How do I Enforce a Court Order which has been made in financial proceedings?
If one party defaults on the terms of an Order made in financial proceedings following divorce, there are various methods available to enforce the Order depending on the type of Order that has been breached.
The first step in the enforcement of an Order is to obtain information about the means of the other party by making an Application to the Court for an Order that the defaulting party attends Court to give information. The Court can then be asked to decide which is the best method of enforcement to pursue.
Where monies are owed, the available methods of enforcement are:-
Attachment of earnings
Only available if the payer is in employment, as the Order attaches to the payer’s income and is deducted by the employer and paid to the Court before being paid to the payee
Warrant of control
It is possible to have a warrant of control to have the payer’s goods and chattels seized and sold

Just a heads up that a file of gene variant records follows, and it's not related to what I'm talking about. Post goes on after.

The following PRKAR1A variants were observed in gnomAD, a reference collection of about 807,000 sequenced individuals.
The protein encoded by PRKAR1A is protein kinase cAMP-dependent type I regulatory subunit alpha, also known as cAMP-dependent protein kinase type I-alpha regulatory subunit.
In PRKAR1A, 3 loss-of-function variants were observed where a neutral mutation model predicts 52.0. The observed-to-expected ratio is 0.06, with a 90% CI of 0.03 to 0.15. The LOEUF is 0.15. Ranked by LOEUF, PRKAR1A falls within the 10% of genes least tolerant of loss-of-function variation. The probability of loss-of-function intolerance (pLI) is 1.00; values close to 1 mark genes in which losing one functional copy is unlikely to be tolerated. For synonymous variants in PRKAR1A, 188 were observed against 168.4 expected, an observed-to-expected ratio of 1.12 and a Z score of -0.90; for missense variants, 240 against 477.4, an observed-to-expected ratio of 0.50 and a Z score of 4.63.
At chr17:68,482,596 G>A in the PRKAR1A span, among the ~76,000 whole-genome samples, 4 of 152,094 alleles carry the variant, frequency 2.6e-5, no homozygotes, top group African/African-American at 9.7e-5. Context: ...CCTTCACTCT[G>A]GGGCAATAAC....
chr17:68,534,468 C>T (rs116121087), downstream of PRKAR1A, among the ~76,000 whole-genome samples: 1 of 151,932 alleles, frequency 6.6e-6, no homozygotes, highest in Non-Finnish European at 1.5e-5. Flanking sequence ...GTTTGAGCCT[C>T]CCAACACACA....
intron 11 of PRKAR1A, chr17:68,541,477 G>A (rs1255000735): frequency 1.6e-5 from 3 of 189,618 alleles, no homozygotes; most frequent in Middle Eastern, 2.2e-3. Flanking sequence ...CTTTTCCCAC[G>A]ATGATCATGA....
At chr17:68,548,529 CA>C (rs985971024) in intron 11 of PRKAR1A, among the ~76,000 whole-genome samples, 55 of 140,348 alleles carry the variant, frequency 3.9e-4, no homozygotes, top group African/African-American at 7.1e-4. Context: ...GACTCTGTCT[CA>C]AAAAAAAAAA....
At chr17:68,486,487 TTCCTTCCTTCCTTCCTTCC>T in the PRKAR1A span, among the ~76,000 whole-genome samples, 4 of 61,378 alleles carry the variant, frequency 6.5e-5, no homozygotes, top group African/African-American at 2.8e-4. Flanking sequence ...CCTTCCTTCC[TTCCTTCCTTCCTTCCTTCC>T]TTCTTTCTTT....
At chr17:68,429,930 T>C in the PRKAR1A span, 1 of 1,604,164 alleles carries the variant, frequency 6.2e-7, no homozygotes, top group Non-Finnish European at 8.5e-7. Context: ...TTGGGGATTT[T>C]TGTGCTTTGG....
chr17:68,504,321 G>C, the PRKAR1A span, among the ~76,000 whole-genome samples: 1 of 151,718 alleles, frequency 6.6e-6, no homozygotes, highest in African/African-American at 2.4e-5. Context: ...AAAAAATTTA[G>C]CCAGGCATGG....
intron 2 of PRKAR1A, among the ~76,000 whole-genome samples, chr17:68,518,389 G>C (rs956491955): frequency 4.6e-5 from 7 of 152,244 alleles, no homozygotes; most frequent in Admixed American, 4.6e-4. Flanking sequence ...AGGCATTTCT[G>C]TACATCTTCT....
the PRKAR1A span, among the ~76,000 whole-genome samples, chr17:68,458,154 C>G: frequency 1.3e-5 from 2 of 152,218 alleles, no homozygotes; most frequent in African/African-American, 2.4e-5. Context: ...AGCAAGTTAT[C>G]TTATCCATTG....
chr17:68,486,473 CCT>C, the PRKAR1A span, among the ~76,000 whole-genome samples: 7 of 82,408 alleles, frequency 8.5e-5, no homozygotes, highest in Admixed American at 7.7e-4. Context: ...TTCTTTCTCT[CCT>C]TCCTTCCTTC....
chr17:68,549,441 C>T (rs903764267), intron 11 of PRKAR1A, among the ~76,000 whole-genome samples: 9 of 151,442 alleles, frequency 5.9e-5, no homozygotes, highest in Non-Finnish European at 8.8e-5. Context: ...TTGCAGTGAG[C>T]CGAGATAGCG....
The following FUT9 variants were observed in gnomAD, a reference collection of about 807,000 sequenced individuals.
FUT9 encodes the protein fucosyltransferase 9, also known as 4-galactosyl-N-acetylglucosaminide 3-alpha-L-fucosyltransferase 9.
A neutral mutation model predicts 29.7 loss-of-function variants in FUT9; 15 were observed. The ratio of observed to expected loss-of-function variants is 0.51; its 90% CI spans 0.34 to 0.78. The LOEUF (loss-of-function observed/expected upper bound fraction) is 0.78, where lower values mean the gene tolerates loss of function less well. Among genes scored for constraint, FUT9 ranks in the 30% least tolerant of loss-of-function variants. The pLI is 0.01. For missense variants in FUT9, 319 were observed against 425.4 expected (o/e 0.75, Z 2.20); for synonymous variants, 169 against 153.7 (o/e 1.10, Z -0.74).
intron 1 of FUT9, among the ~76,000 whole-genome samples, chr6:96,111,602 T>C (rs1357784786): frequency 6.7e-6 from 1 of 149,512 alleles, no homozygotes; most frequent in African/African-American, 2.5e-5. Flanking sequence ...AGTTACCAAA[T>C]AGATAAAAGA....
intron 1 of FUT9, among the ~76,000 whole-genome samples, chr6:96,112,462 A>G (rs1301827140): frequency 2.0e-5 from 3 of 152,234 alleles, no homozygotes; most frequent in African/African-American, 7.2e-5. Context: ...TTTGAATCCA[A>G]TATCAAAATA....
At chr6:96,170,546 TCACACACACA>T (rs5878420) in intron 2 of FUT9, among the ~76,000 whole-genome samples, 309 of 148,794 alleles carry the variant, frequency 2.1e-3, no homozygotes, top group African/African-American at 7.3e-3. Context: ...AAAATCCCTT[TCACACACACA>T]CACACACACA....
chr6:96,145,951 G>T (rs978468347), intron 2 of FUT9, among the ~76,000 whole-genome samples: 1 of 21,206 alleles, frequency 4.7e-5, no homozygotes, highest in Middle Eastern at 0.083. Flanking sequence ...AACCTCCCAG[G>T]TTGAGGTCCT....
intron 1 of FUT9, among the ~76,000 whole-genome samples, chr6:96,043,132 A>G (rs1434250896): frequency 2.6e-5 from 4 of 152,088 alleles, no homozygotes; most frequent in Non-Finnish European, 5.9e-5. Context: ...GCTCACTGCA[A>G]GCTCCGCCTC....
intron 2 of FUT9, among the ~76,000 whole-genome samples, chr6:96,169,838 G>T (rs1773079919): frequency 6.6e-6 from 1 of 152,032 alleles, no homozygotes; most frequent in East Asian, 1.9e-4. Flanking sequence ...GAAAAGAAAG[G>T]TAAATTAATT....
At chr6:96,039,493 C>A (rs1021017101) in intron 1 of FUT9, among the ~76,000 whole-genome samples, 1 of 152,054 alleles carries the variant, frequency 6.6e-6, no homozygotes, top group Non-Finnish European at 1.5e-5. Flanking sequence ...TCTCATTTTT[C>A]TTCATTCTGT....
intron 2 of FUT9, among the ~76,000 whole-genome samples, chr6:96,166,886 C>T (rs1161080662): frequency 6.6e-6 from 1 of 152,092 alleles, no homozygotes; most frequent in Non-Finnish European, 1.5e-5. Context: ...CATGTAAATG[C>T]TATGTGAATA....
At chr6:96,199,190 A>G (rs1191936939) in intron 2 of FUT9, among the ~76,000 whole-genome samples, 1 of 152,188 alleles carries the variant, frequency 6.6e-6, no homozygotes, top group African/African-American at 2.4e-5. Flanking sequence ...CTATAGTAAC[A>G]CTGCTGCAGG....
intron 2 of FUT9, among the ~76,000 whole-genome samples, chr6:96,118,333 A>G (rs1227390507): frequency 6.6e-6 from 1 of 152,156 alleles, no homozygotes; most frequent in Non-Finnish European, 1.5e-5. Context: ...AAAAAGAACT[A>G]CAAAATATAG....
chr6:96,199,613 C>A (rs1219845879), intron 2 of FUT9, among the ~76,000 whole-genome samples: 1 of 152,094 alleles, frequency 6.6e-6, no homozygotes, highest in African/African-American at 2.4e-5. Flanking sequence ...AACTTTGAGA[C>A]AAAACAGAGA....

A Charging Order can be used to secure various debts owed by the payer to the payee, for example:
A lump sum order
Any sum of interest due under the terms of the original order
Third party debt order
Only applicable if the payer is owed money from a third party. An application can be made that the third party pays the payee that money rather than the payer.
Judgment Summons/Committal to Prison
A Judgment Summons, if successful, will see the payer in prison for failing to pay his debts. This does not in itself secure payment but instead is a way of getting a difficult payer to pay what is outstanding or face prison.
Order for Sale
If the payer has failed to pay monies owed and you have secured a Charging Order, an Application can then be made to the Court for an Order for Sale of the payee’s property
If the original Order provides for a property to be sold or transferred and one party is being unco-operative, an application can be made for the Deed of Transfer of the property to be signed by a Judge.